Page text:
Crows are so prone to savaging for carrion that one species is named the Carrion Crow.

Risks Of Carrion To Birds

Dead carcasses can be an easy food source for many birds, but carrion is not without risks. Depending on how the animal died and how long it has been dead, hazards include:

  • Disease transmission: 

Excessive bacteria, insects, or contamination from the feces of previous carrion-eaters can cause disease.

  • Lead contamination: 

Birds may inadvertently get lead poisoning if they ingest any lead pellets from previously hunted offal.

  • Poisoning: 

A carcass that has been poisoned as a trap for unwanted predators or contaminated with pesticides.

  • Attacks by other predators: 

Other predators competing for food may be drawn by the scent of the decaying carcass, potentially causing casualties.

  • Vehicle collisions: 

When feeding on carcasses on roadways, birds can get hit by traffic because they are too stuffed or immersed in their meal to fly away in time.

Sources Of Carrion For Scavenger Birds

Carrion can come from many sources. It can be dead animals, from small rodents to larger mammals such as whales. 

Scavengers do not discriminate about where they get their next meal. Sources of carrion include:

  • Predator kills:  

Flocks of scavenging birds may chase away lone predators. They may also feed on an abandoned kill after the hunting predator has moved on.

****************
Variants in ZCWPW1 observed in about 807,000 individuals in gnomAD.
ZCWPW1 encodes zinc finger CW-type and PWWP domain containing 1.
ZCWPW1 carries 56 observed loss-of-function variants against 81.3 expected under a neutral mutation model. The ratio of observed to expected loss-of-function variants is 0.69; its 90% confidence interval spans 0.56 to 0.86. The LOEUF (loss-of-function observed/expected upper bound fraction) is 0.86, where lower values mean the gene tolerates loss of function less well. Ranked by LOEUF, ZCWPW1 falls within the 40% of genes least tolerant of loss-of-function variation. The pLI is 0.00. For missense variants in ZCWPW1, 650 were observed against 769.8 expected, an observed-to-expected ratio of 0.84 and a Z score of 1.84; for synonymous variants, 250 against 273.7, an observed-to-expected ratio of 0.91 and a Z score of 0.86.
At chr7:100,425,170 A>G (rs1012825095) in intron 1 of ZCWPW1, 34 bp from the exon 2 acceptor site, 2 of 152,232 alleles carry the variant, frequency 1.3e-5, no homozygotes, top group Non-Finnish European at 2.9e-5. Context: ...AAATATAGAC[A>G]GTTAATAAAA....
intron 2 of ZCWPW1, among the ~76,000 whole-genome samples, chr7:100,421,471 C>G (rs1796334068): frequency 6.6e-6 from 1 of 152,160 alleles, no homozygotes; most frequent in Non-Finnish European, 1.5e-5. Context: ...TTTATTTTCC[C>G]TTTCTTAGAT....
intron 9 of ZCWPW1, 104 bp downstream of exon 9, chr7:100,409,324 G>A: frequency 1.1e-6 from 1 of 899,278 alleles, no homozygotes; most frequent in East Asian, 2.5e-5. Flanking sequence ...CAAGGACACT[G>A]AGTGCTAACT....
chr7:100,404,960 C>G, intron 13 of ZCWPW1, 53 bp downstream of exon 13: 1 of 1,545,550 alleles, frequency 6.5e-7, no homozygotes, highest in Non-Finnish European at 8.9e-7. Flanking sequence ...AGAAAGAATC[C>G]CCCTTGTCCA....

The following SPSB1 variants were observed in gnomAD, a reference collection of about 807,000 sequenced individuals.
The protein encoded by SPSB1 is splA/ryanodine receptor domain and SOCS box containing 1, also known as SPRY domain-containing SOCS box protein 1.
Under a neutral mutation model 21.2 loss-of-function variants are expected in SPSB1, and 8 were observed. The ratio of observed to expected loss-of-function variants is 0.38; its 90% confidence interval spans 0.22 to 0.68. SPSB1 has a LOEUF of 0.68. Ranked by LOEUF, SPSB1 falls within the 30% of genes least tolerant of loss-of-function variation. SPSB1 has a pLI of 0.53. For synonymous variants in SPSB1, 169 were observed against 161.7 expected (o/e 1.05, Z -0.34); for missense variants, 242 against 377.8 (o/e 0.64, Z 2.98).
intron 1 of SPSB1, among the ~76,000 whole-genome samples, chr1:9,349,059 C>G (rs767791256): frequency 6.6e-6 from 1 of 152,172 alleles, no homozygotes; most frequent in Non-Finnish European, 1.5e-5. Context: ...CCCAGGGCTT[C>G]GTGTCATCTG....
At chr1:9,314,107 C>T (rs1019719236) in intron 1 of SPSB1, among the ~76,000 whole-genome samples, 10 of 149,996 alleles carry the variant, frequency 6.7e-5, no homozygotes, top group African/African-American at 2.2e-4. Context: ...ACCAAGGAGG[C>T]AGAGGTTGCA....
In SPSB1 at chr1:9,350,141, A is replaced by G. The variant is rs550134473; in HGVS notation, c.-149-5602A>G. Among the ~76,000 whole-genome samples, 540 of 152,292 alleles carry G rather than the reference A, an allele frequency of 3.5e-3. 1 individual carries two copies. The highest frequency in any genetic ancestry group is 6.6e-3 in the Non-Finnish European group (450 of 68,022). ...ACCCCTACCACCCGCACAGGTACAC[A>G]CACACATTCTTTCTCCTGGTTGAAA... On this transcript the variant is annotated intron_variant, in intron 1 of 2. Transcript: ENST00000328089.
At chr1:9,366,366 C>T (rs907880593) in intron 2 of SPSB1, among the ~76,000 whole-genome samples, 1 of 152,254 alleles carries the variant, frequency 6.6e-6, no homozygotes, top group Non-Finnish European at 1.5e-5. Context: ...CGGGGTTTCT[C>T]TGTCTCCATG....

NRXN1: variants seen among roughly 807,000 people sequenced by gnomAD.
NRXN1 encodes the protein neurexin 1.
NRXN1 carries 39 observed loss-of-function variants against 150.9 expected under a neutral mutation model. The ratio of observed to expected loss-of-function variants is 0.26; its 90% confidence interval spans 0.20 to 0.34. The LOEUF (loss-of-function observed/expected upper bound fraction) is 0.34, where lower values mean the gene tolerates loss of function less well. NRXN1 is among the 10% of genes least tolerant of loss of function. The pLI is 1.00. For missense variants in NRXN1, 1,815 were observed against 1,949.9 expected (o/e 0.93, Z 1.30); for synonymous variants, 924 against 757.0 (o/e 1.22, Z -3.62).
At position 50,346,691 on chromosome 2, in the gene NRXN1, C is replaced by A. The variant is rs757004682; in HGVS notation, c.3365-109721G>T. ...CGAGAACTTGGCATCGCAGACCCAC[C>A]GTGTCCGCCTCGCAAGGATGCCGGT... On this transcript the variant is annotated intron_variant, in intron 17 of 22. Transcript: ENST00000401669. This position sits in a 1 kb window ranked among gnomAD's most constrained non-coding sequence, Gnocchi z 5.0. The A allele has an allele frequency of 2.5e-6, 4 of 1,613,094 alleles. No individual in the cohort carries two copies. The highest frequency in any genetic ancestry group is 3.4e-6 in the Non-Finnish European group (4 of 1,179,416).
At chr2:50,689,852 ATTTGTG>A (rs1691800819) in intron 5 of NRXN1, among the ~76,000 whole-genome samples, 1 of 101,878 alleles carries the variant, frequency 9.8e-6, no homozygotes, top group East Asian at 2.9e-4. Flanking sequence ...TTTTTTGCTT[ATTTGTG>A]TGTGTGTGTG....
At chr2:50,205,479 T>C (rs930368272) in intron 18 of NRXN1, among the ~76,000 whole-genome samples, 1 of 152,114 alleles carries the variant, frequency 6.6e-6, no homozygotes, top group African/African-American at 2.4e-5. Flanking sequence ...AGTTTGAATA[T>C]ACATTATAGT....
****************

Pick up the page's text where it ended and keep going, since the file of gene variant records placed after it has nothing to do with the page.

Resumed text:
• Hunting discards

Hunting animals’ internal organs or unwanted pieces left behind by hunters are food for carrion-seeking birds, including wounded animals that die before a hunter claims them.

  • Vehicle kills 

Roadkill can occur anywhere, from highways and interstates to dirt roads, and is fodder for scavenging animals, including bears, raccoons, and birds.

  • Accidental deaths

Animals that die from accidents, such as window collisions, net tangles, or similar causes, can become carrion.

  • Natural deaths

Animals that die of old age, disease, injuries, premature birth, or other causes can become carrion.

  • Beach strandings

Marine animals stranded on beaches will become carrion for scavenging gulls, shorebirds, corvids, and raptors.

Wrapping Up

As carrion ages, it is often accompanied by a rotten, foul smell caused by bacterial growth, making the meat unfit for human consumption. 

Animals and birds, however, have different digestive systems and better tolerance for old meat and can often feed on a carcass even if it has decayed significantly..

Although it may be stomach-turning to think of eating carrion, we should be thankful for these birds. They keep our communities clean and aesthetic and ensure that bacteria does not infiltrate our ecosystems.